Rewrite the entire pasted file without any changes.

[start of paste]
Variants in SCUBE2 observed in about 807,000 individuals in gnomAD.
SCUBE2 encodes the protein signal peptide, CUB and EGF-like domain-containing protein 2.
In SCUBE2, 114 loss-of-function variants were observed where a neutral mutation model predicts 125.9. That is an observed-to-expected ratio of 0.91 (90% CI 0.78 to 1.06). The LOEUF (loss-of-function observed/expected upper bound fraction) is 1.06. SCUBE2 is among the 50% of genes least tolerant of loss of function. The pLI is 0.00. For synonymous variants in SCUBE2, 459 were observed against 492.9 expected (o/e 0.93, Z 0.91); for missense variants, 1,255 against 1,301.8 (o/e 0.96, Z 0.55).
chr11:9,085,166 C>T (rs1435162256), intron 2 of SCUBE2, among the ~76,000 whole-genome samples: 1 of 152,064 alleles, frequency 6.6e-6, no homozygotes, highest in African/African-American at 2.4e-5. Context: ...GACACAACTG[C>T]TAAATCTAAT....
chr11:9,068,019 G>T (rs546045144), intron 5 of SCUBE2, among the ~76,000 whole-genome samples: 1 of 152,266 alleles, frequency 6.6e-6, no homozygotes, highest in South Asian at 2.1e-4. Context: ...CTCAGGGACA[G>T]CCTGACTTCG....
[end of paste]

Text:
Variants in SCUBE2 observed in about 807,000 individuals in gnomAD.
SCUBE2 encodes the protein signal peptide, CUB and EGF-like domain-containing protein 2.
In SCUBE2, 114 loss-of-function variants were observed where a neutral mutation model predicts 125.9. That is an observed-to-expected ratio of 0.91 (90% CI 0.78 to 1.06). The LOEUF (loss-of-function observed/expected upper bound fraction) is 1.06. SCUBE2 is among the 50% of genes least tolerant of loss of function. The pLI is 0.00. For synonymous variants in SCUBE2, 459 were observed against 492.9 expected (o/e 0.93, Z 0.91); for missense variants, 1,255 against 1,301.8 (o/e 0.96, Z 0.55).
chr11:9,085,166 C>T (rs1435162256), intron 2 of SCUBE2, among the ~76,000 whole-genome samples: 1 of 152,064 alleles, frequency 6.6e-6, no homozygotes, highest in African/African-American at 2.4e-5. Context: ...GACACAACTG[C>T]TAAATCTAAT....
chr11:9,068,019 G>T (rs546045144), intron 5 of SCUBE2, among the ~76,000 whole-genome samples: 1 of 152,266 alleles, frequency 6.6e-6, no homozygotes, highest in South Asian at 2.1e-4. Context: ...CTCAGGGACA[G>T]CCTGACTTCG....